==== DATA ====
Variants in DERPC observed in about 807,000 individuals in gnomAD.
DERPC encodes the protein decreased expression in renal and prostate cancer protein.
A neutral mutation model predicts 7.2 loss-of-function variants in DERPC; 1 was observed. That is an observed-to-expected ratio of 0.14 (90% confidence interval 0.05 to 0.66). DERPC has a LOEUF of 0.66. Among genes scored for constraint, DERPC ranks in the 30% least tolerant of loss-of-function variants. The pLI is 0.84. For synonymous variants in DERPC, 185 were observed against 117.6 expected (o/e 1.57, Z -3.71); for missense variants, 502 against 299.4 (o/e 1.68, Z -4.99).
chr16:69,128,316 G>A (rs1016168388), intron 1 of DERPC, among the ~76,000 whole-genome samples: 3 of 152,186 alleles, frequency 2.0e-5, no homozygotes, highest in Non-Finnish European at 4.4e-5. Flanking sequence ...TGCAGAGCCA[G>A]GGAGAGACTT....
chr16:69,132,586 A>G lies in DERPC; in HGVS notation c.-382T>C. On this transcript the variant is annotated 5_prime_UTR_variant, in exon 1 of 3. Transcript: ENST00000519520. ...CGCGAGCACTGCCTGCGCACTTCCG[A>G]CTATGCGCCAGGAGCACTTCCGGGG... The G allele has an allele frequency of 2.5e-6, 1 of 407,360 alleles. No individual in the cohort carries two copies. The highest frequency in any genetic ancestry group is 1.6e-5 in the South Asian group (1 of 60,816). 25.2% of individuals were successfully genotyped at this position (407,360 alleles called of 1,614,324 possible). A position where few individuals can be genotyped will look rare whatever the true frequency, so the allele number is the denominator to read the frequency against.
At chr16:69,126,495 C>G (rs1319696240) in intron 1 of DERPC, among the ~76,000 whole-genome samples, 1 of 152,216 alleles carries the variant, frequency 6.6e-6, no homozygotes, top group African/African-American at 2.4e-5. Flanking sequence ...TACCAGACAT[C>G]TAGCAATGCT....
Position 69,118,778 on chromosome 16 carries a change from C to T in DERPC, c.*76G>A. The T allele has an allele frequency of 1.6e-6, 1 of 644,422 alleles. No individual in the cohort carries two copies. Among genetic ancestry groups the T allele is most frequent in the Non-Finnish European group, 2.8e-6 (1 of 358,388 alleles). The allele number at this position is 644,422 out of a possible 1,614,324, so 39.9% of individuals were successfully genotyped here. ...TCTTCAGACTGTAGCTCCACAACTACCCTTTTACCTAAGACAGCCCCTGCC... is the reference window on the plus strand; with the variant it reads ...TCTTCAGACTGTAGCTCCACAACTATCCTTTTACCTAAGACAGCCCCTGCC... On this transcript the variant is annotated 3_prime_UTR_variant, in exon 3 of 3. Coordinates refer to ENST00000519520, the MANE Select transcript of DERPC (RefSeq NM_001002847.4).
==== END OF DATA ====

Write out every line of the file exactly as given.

Variants in DERPC observed in about 807,000 individuals in gnomAD.
DERPC encodes the protein decreased expression in renal and prostate cancer protein.
A neutral mutation model predicts 7.2 loss-of-function variants in DERPC; 1 was observed. That is an observed-to-expected ratio of 0.14 (90% confidence interval 0.05 to 0.66). DERPC has a LOEUF of 0.66. Among genes scored for constraint, DERPC ranks in the 30% least tolerant of loss-of-function variants. The pLI is 0.84. For synonymous variants in DERPC, 185 were observed against 117.6 expected (o/e 1.57, Z -3.71); for missense variants, 502 against 299.4 (o/e 1.68, Z -4.99).
chr16:69,128,316 G>A (rs1016168388), intron 1 of DERPC, among the ~76,000 whole-genome samples: 3 of 152,186 alleles, frequency 2.0e-5, no homozygotes, highest in Non-Finnish European at 4.4e-5. Flanking sequence ...TGCAGAGCCA[G>A]GGAGAGACTT....
chr16:69,132,586 A>G lies in DERPC; in HGVS notation c.-382T>C. On this transcript the variant is annotated 5_prime_UTR_variant, in exon 1 of 3. Transcript: ENST00000519520. ...CGCGAGCACTGCCTGCGCACTTCCG[A>G]CTATGCGCCAGGAGCACTTCCGGGG... The G allele has an allele frequency of 2.5e-6, 1 of 407,360 alleles. No individual in the cohort carries two copies. The highest frequency in any genetic ancestry group is 1.6e-5 in the South Asian group (1 of 60,816). 25.2% of individuals were successfully genotyped at this position (407,360 alleles called of 1,614,324 possible). A position where few individuals can be genotyped will look rare whatever the true frequency, so the allele number is the denominator to read the frequency against.
At chr16:69,126,495 C>G (rs1319696240) in intron 1 of DERPC, among the ~76,000 whole-genome samples, 1 of 152,216 alleles carries the variant, frequency 6.6e-6, no homozygotes, top group African/African-American at 2.4e-5. Flanking sequence ...TACCAGACAT[C>G]TAGCAATGCT....
Position 69,118,778 on chromosome 16 carries a change from C to T in DERPC, c.*76G>A. The T allele has an allele frequency of 1.6e-6, 1 of 644,422 alleles. No individual in the cohort carries two copies. Among genetic ancestry groups the T allele is most frequent in the Non-Finnish European group, 2.8e-6 (1 of 358,388 alleles). The allele number at this position is 644,422 out of a possible 1,614,324, so 39.9% of individuals were successfully genotyped here. ...TCTTCAGACTGTAGCTCCACAACTACCCTTTTACCTAAGACAGCCCCTGCC... is the reference window on the plus strand; with the variant it reads ...TCTTCAGACTGTAGCTCCACAACTATCCTTTTACCTAAGACAGCCCCTGCC... On this transcript the variant is annotated 3_prime_UTR_variant, in exon 3 of 3. Coordinates refer to ENST00000519520, the MANE Select transcript of DERPC (RefSeq NM_001002847.4).